Page:Evolution and Ethics.djvu/65

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was a philosophy of men, who having cast off all illusions, and the childishness of despair among them, were minded to endure in patience whatever conditions the cosmic process might create, so long as those conditions were compatible with the progress towards virtue, which alone, for them, conferred a worthy object on existence. There is no note of despair in the stoical declaration that the perfected 'wise man' is the equal of Zeus in everything but the duration of his existence. And, in my judgment there is as little pride about it—often as it serves for the text of discourses on stoical arrogance. Grant the stoical postulate that there is no good except virtue; grant that the perfected wise man is altogether virtuous, in consequence of being guided in all things by the reason, which is an effluence of Zeus and there seems no escape from the stoical conclusion.

Note 17 (p. 28).

Our 'Apathy' carries such a different set of connotations from its Greek original that I have ventured on using the latter as a technical term.

Note 18 (p. 29).

Many of the stoical philosophers recommended their disciples to take an active share in public affairs; and in the Roman world, for several centuries, the best public men were strongly inclined to Stoicism. Nevertheless, the logical tendency of Stoicism seems to me to be fulfilled only in such men as Diogenes and Epictetus.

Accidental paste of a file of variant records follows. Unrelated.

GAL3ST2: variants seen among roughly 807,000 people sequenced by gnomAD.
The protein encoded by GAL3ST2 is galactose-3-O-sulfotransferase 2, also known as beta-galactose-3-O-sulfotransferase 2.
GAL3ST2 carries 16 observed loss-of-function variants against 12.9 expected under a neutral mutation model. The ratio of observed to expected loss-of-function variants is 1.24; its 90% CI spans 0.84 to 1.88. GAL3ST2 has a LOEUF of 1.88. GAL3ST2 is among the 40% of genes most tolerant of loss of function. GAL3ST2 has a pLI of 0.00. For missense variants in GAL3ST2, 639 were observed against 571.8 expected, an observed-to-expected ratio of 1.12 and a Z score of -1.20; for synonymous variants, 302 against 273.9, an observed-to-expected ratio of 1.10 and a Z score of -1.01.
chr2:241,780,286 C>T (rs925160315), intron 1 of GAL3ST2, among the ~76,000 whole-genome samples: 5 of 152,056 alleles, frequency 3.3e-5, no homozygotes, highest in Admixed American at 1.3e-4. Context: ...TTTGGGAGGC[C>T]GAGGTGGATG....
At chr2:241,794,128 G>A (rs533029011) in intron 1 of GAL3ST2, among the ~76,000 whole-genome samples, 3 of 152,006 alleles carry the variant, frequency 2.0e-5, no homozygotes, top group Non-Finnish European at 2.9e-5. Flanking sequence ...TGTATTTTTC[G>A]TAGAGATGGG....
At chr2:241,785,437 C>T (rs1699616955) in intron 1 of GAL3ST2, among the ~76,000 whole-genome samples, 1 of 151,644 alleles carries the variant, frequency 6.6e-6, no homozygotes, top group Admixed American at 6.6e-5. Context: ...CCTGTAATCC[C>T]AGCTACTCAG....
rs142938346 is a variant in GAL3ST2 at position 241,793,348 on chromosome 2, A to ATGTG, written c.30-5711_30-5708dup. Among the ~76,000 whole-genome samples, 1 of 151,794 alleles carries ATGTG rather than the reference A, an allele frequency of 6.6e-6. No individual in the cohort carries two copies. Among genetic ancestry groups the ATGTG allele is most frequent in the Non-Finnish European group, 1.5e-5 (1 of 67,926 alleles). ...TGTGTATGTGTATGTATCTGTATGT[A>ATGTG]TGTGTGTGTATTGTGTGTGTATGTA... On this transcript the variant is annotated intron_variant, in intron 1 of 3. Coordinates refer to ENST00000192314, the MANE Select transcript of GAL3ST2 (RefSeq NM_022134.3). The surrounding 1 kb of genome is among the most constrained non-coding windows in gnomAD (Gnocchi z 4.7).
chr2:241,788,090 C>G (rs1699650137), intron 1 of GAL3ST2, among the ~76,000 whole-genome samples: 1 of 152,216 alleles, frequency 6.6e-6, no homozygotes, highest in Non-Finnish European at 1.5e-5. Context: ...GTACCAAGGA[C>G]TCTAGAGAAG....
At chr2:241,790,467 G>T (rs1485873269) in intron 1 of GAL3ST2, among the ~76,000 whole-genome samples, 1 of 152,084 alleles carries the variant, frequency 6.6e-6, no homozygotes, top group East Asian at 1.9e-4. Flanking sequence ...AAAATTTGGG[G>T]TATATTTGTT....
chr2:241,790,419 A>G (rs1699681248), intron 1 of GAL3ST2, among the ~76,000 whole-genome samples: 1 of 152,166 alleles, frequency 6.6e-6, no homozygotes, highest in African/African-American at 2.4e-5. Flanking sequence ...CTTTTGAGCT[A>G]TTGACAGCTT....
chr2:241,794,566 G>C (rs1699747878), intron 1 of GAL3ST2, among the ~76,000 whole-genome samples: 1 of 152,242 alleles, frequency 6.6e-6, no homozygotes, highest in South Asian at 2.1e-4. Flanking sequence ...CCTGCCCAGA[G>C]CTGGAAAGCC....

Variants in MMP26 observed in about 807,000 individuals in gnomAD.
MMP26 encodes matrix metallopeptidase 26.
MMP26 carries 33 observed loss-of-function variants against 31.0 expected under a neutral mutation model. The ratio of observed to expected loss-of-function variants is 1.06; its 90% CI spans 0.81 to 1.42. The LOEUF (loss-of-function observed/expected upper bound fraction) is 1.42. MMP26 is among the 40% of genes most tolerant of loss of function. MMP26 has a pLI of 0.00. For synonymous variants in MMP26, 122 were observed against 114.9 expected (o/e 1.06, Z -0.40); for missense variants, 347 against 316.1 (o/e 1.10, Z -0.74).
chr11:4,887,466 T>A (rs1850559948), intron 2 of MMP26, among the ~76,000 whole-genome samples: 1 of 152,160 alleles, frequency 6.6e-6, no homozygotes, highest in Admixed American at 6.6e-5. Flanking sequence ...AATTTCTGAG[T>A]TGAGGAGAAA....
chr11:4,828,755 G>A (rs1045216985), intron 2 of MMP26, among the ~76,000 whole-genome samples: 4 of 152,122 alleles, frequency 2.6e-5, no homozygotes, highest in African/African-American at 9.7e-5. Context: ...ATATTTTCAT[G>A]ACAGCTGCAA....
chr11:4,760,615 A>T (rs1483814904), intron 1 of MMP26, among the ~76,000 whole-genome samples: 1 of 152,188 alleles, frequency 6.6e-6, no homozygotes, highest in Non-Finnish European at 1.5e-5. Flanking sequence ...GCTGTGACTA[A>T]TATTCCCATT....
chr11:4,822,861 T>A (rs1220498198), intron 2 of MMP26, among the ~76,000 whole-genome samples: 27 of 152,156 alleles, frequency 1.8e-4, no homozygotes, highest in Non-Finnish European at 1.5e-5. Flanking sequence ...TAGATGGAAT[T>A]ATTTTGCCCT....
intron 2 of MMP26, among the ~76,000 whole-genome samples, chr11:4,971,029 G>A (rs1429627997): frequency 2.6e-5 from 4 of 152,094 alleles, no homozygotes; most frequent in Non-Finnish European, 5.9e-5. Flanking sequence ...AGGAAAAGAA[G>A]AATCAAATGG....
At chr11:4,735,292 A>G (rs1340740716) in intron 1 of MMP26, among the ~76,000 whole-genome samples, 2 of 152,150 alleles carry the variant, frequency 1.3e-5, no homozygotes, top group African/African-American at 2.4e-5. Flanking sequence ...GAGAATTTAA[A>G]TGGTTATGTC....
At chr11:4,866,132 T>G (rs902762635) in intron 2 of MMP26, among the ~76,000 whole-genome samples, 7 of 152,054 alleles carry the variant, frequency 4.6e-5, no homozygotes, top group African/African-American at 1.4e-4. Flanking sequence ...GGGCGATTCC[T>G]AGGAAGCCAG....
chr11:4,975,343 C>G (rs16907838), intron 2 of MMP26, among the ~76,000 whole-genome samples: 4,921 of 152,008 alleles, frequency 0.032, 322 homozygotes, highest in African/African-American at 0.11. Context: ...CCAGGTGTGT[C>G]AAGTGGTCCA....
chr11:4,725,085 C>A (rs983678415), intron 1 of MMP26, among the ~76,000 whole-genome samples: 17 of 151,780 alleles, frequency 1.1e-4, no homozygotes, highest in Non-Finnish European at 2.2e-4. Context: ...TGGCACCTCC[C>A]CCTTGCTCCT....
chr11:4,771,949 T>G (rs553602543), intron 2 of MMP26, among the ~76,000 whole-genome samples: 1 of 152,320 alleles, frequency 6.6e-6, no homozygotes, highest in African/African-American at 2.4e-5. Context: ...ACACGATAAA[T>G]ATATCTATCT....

Note 19 (p. 33).

Of course, strictly speaking, social life and the ethical process in virtue of which it advances towards perfection, are part and parcel of the general process of evolution, just as the gregarious habit of innumerable plants and animals, which has been of immense advantage to them, is so. A hive of bees is an organic polity, a society in which the part played by each member is determined by organic necessities. Queens, workers, and drones, are, so to speak, castes, divided from one another by marked physical barriers. Among birds and mammals, societies are formed, of